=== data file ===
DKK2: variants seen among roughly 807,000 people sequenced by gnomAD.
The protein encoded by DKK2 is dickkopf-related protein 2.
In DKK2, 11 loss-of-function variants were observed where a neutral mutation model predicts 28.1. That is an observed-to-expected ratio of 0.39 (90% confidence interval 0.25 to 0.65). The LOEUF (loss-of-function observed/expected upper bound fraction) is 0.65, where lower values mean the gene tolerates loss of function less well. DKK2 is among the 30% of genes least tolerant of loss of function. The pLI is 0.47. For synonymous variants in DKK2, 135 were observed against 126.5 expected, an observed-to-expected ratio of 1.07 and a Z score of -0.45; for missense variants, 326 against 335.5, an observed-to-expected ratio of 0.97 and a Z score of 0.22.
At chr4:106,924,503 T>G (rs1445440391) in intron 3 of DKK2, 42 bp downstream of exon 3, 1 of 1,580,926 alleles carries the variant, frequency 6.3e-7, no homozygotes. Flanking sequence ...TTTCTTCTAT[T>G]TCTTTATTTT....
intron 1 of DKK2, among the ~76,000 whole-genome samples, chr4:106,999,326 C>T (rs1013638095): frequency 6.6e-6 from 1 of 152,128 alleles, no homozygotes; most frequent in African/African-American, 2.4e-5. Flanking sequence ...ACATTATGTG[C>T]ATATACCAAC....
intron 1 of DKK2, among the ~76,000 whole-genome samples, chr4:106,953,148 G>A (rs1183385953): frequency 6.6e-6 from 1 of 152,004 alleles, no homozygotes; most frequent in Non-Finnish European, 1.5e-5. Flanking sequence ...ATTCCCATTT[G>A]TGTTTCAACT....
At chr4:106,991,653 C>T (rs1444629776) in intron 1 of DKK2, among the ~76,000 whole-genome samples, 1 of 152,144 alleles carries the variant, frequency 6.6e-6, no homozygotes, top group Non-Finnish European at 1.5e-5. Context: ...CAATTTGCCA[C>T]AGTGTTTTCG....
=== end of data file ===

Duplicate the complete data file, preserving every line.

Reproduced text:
DKK2: variants seen among roughly 807,000 people sequenced by gnomAD.
The protein encoded by DKK2 is dickkopf-related protein 2.
In DKK2, 11 loss-of-function variants were observed where a neutral mutation model predicts 28.1. That is an observed-to-expected ratio of 0.39 (90% confidence interval 0.25 to 0.65). The LOEUF (loss-of-function observed/expected upper bound fraction) is 0.65, where lower values mean the gene tolerates loss of function less well. DKK2 is among the 30% of genes least tolerant of loss of function. The pLI is 0.47. For synonymous variants in DKK2, 135 were observed against 126.5 expected, an observed-to-expected ratio of 1.07 and a Z score of -0.45; for missense variants, 326 against 335.5, an observed-to-expected ratio of 0.97 and a Z score of 0.22.
At chr4:106,924,503 T>G (rs1445440391) in intron 3 of DKK2, 42 bp downstream of exon 3, 1 of 1,580,926 alleles carries the variant, frequency 6.3e-7, no homozygotes. Flanking sequence ...TTTCTTCTAT[T>G]TCTTTATTTT....
intron 1 of DKK2, among the ~76,000 whole-genome samples, chr4:106,999,326 C>T (rs1013638095): frequency 6.6e-6 from 1 of 152,128 alleles, no homozygotes; most frequent in African/African-American, 2.4e-5. Flanking sequence ...ACATTATGTG[C>T]ATATACCAAC....
intron 1 of DKK2, among the ~76,000 whole-genome samples, chr4:106,953,148 G>A (rs1183385953): frequency 6.6e-6 from 1 of 152,004 alleles, no homozygotes; most frequent in Non-Finnish European, 1.5e-5. Flanking sequence ...ATTCCCATTT[G>A]TGTTTCAACT....
At chr4:106,991,653 C>T (rs1444629776) in intron 1 of DKK2, among the ~76,000 whole-genome samples, 1 of 152,144 alleles carries the variant, frequency 6.6e-6, no homozygotes, top group Non-Finnish European at 1.5e-5. Context: ...CAATTTGCCA[C>T]AGTGTTTTCG....